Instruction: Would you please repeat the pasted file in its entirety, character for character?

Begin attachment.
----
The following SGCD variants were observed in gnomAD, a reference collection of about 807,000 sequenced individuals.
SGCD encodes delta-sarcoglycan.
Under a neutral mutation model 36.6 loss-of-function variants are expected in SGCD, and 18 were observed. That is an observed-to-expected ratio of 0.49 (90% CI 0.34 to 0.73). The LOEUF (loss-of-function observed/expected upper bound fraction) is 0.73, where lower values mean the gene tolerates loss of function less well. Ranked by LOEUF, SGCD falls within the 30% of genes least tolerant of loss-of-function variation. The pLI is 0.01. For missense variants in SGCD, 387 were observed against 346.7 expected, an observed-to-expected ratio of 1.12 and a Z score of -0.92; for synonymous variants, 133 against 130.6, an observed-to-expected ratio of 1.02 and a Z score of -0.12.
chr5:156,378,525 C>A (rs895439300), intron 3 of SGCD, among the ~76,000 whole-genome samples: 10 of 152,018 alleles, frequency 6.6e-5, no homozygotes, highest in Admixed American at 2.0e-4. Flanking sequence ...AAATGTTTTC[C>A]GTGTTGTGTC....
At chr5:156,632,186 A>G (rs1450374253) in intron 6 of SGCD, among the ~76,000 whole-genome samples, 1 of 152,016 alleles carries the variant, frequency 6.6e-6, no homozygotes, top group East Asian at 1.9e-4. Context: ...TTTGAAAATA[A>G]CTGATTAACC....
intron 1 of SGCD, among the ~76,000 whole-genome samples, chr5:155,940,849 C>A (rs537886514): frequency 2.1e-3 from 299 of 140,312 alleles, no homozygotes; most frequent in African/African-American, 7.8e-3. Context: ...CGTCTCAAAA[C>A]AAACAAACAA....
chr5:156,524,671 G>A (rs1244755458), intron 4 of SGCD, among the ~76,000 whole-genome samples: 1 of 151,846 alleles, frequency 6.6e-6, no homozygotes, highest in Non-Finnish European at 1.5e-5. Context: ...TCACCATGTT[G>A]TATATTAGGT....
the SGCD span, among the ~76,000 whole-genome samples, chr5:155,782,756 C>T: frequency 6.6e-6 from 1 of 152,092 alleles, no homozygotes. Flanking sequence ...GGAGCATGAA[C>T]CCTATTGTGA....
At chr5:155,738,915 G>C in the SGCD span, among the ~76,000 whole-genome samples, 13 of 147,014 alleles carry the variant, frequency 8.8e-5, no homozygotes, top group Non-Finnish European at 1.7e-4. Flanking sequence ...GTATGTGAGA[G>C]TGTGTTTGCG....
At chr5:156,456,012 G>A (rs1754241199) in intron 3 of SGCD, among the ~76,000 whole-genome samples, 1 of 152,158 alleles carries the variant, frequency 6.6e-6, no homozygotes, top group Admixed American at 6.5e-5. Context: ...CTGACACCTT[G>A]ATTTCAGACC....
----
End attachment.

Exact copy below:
The following SGCD variants were observed in gnomAD, a reference collection of about 807,000 sequenced individuals.
SGCD encodes delta-sarcoglycan.
Under a neutral mutation model 36.6 loss-of-function variants are expected in SGCD, and 18 were observed. That is an observed-to-expected ratio of 0.49 (90% CI 0.34 to 0.73). The LOEUF (loss-of-function observed/expected upper bound fraction) is 0.73, where lower values mean the gene tolerates loss of function less well. Ranked by LOEUF, SGCD falls within the 30% of genes least tolerant of loss-of-function variation. The pLI is 0.01. For missense variants in SGCD, 387 were observed against 346.7 expected, an observed-to-expected ratio of 1.12 and a Z score of -0.92; for synonymous variants, 133 against 130.6, an observed-to-expected ratio of 1.02 and a Z score of -0.12.
chr5:156,378,525 C>A (rs895439300), intron 3 of SGCD, among the ~76,000 whole-genome samples: 10 of 152,018 alleles, frequency 6.6e-5, no homozygotes, highest in Admixed American at 2.0e-4. Flanking sequence ...AAATGTTTTC[C>A]GTGTTGTGTC....
At chr5:156,632,186 A>G (rs1450374253) in intron 6 of SGCD, among the ~76,000 whole-genome samples, 1 of 152,016 alleles carries the variant, frequency 6.6e-6, no homozygotes, top group East Asian at 1.9e-4. Context: ...TTTGAAAATA[A>G]CTGATTAACC....
intron 1 of SGCD, among the ~76,000 whole-genome samples, chr5:155,940,849 C>A (rs537886514): frequency 2.1e-3 from 299 of 140,312 alleles, no homozygotes; most frequent in African/African-American, 7.8e-3. Context: ...CGTCTCAAAA[C>A]AAACAAACAA....
chr5:156,524,671 G>A (rs1244755458), intron 4 of SGCD, among the ~76,000 whole-genome samples: 1 of 151,846 alleles, frequency 6.6e-6, no homozygotes, highest in Non-Finnish European at 1.5e-5. Context: ...TCACCATGTT[G>A]TATATTAGGT....
the SGCD span, among the ~76,000 whole-genome samples, chr5:155,782,756 C>T: frequency 6.6e-6 from 1 of 152,092 alleles, no homozygotes. Flanking sequence ...GGAGCATGAA[C>T]CCTATTGTGA....
At chr5:155,738,915 G>C in the SGCD span, among the ~76,000 whole-genome samples, 13 of 147,014 alleles carry the variant, frequency 8.8e-5, no homozygotes, top group Non-Finnish European at 1.7e-4. Flanking sequence ...GTATGTGAGA[G>C]TGTGTTTGCG....
At chr5:156,456,012 G>A (rs1754241199) in intron 3 of SGCD, among the ~76,000 whole-genome samples, 1 of 152,158 alleles carries the variant, frequency 6.6e-6, no homozygotes, top group Admixed American at 6.5e-5. Context: ...CTGACACCTT[G>A]ATTTCAGACC....